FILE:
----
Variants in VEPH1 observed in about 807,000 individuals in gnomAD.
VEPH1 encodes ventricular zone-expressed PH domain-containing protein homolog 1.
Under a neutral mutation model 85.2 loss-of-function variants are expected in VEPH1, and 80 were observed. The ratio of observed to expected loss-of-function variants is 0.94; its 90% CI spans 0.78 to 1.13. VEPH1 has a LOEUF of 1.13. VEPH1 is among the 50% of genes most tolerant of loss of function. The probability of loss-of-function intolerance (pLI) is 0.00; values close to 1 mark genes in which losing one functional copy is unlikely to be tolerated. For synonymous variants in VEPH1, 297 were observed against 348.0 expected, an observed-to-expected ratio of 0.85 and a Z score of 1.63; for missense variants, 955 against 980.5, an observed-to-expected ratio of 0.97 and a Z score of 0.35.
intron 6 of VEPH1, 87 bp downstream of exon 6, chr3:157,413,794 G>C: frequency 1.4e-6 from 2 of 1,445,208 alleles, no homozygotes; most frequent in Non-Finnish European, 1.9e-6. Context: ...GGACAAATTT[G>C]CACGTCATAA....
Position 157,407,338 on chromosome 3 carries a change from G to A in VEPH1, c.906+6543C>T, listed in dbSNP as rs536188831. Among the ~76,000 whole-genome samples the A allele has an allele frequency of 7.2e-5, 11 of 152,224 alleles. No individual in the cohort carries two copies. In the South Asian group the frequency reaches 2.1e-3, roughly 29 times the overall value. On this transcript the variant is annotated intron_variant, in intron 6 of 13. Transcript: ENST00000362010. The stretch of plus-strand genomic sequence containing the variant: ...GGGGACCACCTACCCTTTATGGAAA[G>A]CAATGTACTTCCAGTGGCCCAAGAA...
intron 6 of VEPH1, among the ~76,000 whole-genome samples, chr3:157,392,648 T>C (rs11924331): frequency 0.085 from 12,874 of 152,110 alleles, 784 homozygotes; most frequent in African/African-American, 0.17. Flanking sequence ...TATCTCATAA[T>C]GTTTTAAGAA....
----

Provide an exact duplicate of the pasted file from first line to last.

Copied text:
Variants in VEPH1 observed in about 807,000 individuals in gnomAD.
VEPH1 encodes ventricular zone-expressed PH domain-containing protein homolog 1.
Under a neutral mutation model 85.2 loss-of-function variants are expected in VEPH1, and 80 were observed. The ratio of observed to expected loss-of-function variants is 0.94; its 90% CI spans 0.78 to 1.13. VEPH1 has a LOEUF of 1.13. VEPH1 is among the 50% of genes most tolerant of loss of function. The probability of loss-of-function intolerance (pLI) is 0.00; values close to 1 mark genes in which losing one functional copy is unlikely to be tolerated. For synonymous variants in VEPH1, 297 were observed against 348.0 expected, an observed-to-expected ratio of 0.85 and a Z score of 1.63; for missense variants, 955 against 980.5, an observed-to-expected ratio of 0.97 and a Z score of 0.35.
intron 6 of VEPH1, 87 bp downstream of exon 6, chr3:157,413,794 G>C: frequency 1.4e-6 from 2 of 1,445,208 alleles, no homozygotes; most frequent in Non-Finnish European, 1.9e-6. Context: ...GGACAAATTT[G>C]CACGTCATAA....
Position 157,407,338 on chromosome 3 carries a change from G to A in VEPH1, c.906+6543C>T, listed in dbSNP as rs536188831. Among the ~76,000 whole-genome samples the A allele has an allele frequency of 7.2e-5, 11 of 152,224 alleles. No individual in the cohort carries two copies. In the South Asian group the frequency reaches 2.1e-3, roughly 29 times the overall value. On this transcript the variant is annotated intron_variant, in intron 6 of 13. Transcript: ENST00000362010. The stretch of plus-strand genomic sequence containing the variant: ...GGGGACCACCTACCCTTTATGGAAA[G>A]CAATGTACTTCCAGTGGCCCAAGAA...
intron 6 of VEPH1, among the ~76,000 whole-genome samples, chr3:157,392,648 T>C (rs11924331): frequency 0.085 from 12,874 of 152,110 alleles, 784 homozygotes; most frequent in African/African-American, 0.17. Flanking sequence ...TATCTCATAA[T>C]GTTTTAAGAA....